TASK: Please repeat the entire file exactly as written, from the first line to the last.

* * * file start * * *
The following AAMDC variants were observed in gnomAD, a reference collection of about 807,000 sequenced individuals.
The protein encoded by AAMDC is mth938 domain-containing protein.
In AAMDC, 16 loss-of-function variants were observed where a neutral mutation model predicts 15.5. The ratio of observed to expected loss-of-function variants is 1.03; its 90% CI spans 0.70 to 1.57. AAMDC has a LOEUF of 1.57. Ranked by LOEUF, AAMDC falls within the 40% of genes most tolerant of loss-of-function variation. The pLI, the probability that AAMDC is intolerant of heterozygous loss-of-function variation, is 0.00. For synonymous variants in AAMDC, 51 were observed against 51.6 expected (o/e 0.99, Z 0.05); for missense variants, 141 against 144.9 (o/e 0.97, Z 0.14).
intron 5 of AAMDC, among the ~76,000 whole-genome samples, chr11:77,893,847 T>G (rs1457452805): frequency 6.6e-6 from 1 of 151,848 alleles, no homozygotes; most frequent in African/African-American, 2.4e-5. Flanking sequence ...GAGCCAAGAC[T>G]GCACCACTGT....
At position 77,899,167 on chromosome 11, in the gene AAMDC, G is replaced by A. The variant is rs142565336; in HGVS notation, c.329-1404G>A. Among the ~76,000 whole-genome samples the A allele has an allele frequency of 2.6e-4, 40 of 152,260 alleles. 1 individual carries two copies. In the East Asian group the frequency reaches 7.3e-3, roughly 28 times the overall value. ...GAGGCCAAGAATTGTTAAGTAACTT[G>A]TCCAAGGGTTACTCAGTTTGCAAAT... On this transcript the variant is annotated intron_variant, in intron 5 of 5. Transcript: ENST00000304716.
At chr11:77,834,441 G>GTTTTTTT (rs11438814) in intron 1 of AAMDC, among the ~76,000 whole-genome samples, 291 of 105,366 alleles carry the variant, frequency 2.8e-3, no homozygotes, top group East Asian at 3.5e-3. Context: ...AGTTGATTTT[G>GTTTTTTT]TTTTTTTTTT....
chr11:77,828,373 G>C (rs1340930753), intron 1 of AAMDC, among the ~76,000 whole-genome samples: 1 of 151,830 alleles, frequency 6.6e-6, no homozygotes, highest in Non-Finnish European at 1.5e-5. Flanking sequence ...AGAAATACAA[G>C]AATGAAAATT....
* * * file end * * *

The following AAMDC variants were observed in gnomAD, a reference collection of about 807,000 sequenced individuals.
The protein encoded by AAMDC is mth938 domain-containing protein.
In AAMDC, 16 loss-of-function variants were observed where a neutral mutation model predicts 15.5. The ratio of observed to expected loss-of-function variants is 1.03; its 90% CI spans 0.70 to 1.57. AAMDC has a LOEUF of 1.57. Ranked by LOEUF, AAMDC falls within the 40% of genes most tolerant of loss-of-function variation. The pLI, the probability that AAMDC is intolerant of heterozygous loss-of-function variation, is 0.00. For synonymous variants in AAMDC, 51 were observed against 51.6 expected (o/e 0.99, Z 0.05); for missense variants, 141 against 144.9 (o/e 0.97, Z 0.14).
intron 5 of AAMDC, among the ~76,000 whole-genome samples, chr11:77,893,847 T>G (rs1457452805): frequency 6.6e-6 from 1 of 151,848 alleles, no homozygotes; most frequent in African/African-American, 2.4e-5. Flanking sequence ...GAGCCAAGAC[T>G]GCACCACTGT....
At position 77,899,167 on chromosome 11, in the gene AAMDC, G is replaced by A. The variant is rs142565336; in HGVS notation, c.329-1404G>A. Among the ~76,000 whole-genome samples the A allele has an allele frequency of 2.6e-4, 40 of 152,260 alleles. 1 individual carries two copies. In the East Asian group the frequency reaches 7.3e-3, roughly 28 times the overall value. ...GAGGCCAAGAATTGTTAAGTAACTT[G>A]TCCAAGGGTTACTCAGTTTGCAAAT... On this transcript the variant is annotated intron_variant, in intron 5 of 5. Transcript: ENST00000304716.
At chr11:77,834,441 G>GTTTTTTT (rs11438814) in intron 1 of AAMDC, among the ~76,000 whole-genome samples, 291 of 105,366 alleles carry the variant, frequency 2.8e-3, no homozygotes, top group East Asian at 3.5e-3. Context: ...AGTTGATTTT[G>GTTTTTTT]TTTTTTTTTT....
chr11:77,828,373 G>C (rs1340930753), intron 1 of AAMDC, among the ~76,000 whole-genome samples: 1 of 151,830 alleles, frequency 6.6e-6, no homozygotes, highest in Non-Finnish European at 1.5e-5. Flanking sequence ...AGAAATACAA[G>C]AATGAAAATT....